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The Perils And Promise Of The Emerging Multipolar World

In his recent article for Common Dreams, Columbia professor Jeffrey Sachs describes the world’s trajectory towards multipolarity over the past three decades. He notes that, “in 1994, the G7 countries constituted 45.3% of world output, compared with 18.9% of world output in the BRICS countries (Brazil, China, Egypt, Ethiopia, India, Iran, Russia, South Africa, United Arab Emirates). The tables have turned. The BRICS now produce 35.2% of world output, while the G7 countries produce 29.3%.” The West’s political influence is also waning, as exemplified by the failure of the US-led sanctions against Russia from 2022: “When the US-led group introduced economic sanctions on Russia in 2022, very few countries outside the core alliance joined. As a result, Russia had little trouble shifting its trade to countries outside the US-led alliance.”

China, Russia And Iran Call On The West To Restore Nuclear Deal

China, Russia and Iran, three of the seven original signatories of the Joint Comprehensive Plan of Action (JCPOA) or Iran nuclear deal, issued a joint statement on Wednesday, June 5, asking the European signatories to take efforts to restore the deal. “The People’s Republic of China, the Islamic Republic of Iran and the Russian Federation are convinced that it is time for Western Countries to demonstrate political will, stop the continued cycle of escalation that has been going on for almost two years and take the necessary steps towards the revival of the JCPOA. This can still be done,” the statement reads.

Deaf And Blind: The Maladies Of American Diplomats

Here is a modest proposal, nothing too radical, just good sense. Turn over Antony Blinken and Jake Sullivan to the Iranian authorities on the understanding the two statesmen, very loosely defined, would spend 444 days at the U.S. embassy compound in Tehran. Let’s think of it as a reenactment. Said premises, long a mess of barbed wire, weeds, brambles, mold and anti–American graffiti, is now a museum. The Den of Espionage, as it is called, is dedicated to the shameful history of U.S.–Iranian relations leading up to that fateful day, Jan. 16, 1979, when the shah was deposed by a nation that had had enough of him. Those unkind Iranians had to rub it in: The old graffiti is now covered over with mocking murals featuring Mickey Mouse and McDonald’s.

Our Operations In The Red Sea Are Consistent With The World’s Demands

The spokesperson of Yemen’s Armed Forces, Brigadier General Yahya Saree, recently announced Phase 4 of their military escalation against Israel and threatened to hit targets that “the Zionist enemy” has not yet thought to be possible. In conjunction with this, airstrikes have been repeatedly launched by the UK and U.S. fighter jets against sites across northern Yemen. Yemen’s Ansar Allah has been propelled into the international spotlight since imposing a blockade in the Red Sea against Israel in an act of solidarity with Gaza during the ongoing war. Yet, we rarely hear directly from the group, known in the West as the “Houthi Rebels”, for its response to various allegations leveled at it and why it continues to fight on behalf of Palestinians.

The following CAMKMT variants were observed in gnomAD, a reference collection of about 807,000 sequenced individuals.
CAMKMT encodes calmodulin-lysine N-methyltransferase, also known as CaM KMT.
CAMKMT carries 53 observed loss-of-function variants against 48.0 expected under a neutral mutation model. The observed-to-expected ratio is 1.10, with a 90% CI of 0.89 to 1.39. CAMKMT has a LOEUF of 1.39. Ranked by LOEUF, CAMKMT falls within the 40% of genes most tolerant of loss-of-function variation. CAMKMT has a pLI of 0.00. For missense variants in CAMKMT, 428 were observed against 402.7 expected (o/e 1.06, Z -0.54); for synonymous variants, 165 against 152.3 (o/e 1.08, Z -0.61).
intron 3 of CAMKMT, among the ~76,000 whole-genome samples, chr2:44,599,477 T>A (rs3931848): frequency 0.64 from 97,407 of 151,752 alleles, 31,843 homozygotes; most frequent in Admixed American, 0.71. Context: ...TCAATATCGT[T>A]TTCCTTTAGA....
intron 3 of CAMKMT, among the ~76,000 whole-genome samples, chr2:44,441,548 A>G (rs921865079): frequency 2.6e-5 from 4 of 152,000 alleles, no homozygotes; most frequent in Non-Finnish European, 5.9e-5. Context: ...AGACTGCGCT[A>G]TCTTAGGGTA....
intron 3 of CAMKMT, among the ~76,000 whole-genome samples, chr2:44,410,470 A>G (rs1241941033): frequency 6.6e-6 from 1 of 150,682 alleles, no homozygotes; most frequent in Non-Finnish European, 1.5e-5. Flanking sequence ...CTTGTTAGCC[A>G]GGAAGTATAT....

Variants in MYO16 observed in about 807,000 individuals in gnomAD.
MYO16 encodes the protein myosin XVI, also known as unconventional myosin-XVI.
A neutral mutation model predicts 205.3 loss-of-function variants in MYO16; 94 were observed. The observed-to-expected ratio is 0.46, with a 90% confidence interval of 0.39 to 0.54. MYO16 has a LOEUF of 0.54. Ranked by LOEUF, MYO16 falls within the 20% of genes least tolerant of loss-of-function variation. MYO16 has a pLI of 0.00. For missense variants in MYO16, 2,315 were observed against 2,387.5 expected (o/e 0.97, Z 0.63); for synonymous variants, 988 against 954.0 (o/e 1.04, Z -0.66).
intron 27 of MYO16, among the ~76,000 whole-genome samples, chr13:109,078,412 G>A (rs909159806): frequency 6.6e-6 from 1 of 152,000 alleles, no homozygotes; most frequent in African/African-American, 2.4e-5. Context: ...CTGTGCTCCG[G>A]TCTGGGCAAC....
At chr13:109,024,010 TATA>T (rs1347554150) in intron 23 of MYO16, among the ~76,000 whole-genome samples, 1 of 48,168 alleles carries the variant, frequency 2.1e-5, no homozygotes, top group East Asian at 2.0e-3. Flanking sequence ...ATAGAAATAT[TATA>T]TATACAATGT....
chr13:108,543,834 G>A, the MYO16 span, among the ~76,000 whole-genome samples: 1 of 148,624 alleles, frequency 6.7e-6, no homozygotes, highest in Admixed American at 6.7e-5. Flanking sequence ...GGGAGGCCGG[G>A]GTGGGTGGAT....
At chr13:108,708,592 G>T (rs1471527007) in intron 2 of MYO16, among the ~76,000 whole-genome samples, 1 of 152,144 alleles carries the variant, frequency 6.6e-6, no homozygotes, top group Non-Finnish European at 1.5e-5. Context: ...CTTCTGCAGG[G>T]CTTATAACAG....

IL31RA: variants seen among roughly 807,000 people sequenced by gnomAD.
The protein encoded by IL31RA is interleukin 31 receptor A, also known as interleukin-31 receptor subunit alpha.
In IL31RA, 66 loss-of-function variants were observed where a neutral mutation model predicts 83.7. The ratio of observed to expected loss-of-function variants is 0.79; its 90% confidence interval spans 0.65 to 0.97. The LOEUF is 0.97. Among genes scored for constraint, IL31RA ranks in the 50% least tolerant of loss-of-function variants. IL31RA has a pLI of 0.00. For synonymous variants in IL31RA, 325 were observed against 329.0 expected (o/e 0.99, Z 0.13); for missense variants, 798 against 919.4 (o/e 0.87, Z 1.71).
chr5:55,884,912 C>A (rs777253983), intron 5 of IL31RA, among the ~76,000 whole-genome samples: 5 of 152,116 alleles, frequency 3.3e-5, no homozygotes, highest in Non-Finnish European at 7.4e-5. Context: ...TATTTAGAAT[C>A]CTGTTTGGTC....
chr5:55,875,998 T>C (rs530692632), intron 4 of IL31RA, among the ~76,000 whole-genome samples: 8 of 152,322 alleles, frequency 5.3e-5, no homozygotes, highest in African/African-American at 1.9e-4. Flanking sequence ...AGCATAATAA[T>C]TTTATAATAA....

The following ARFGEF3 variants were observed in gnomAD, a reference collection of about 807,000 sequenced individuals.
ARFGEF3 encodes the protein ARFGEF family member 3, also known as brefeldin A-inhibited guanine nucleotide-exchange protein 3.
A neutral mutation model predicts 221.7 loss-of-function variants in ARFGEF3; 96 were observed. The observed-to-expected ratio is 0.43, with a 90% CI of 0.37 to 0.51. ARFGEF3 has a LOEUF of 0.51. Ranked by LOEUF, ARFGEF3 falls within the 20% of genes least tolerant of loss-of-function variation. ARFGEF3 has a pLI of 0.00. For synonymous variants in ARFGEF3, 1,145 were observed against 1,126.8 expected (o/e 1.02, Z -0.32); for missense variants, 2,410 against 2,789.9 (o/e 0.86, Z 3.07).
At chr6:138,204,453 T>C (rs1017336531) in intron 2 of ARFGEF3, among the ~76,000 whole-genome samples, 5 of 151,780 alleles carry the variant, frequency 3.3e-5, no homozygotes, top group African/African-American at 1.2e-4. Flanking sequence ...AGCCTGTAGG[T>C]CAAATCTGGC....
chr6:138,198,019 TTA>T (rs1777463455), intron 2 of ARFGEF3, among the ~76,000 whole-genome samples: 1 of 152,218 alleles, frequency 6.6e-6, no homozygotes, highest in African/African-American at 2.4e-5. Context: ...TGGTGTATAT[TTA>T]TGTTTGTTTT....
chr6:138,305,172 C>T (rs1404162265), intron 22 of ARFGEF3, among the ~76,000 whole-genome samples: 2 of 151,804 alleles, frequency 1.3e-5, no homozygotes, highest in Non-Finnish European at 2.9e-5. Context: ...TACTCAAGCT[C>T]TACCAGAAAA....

Iran’s President Raisi Joined BRICS, Pushed For Multipolar World

Iran’s President Ebrahim Raisi, who died in a helicopter crash on May 19, left behind a legacy of working to build a more multipolar world. Under Raisi, Iran joined BRICS and the Shanghai Cooperation Organization, Global South-led institutions that he noted could challenge US unilateralism and hegemony. The late Iranian leader advocated a “Look East” strategy, strengthening relations with China, Russia, and other countries in Asia. Raisi represented a more nationalist wing of the political class in Tehran, which sees the futility of trying to win Western approval, and instead recognizes that Iran’s political and economic future lies in deepening integration with the Global South.

World Mourns ‘Tragic Loss’ Of Iranian President Raisi

Leaders and officials from several countries began to offer their condolences to Iran on 20 May following the announcement of the deaths of President Ebrahim Raisi, Foreign Minister Hossein Amir-Abdollahian, and other officials in a helicopter crash northwest of the country. “In Russia, the President of Iran Ebrahim Raisi and the Minister of Foreign Affairs of Iran Hossein Amir-Abdollahian were known as true, reliable friends of our country,” Russian Foreign Minister Sergei Lavrov said on Monday morning. “Their role in strengthening mutually beneficial Russian-Iranian cooperation and trusting partnership is invaluable,” Lavrov added, extending “condolences to the families and friends of the victims, as well as to the entire friendly people of Iran.”

The Dust Has Settled: The Aftermath Of Iran’s Retaliatory Strikes On Israel

In the wake of escalating tensions between Israel and Iran, MintCast brings you an exclusive interview with Seyed Mohammad Marandi, Professor of English Literature and Orientalism at the University of Tehran. Join MintPress as we delve into the unfolding events and gain insights into Iran’s perspective. As the world’s attention remains fixated on the ongoing conflict in Gaza and the subsequent global student protests, focus has shifted to the broader implications of Israel’s actions, particularly concerning Iran. Recently, Israel’s bombing of the Iranian Embassy in Syria, followed by retaliatory drone attacks from Iran, sparked fears of further escalation.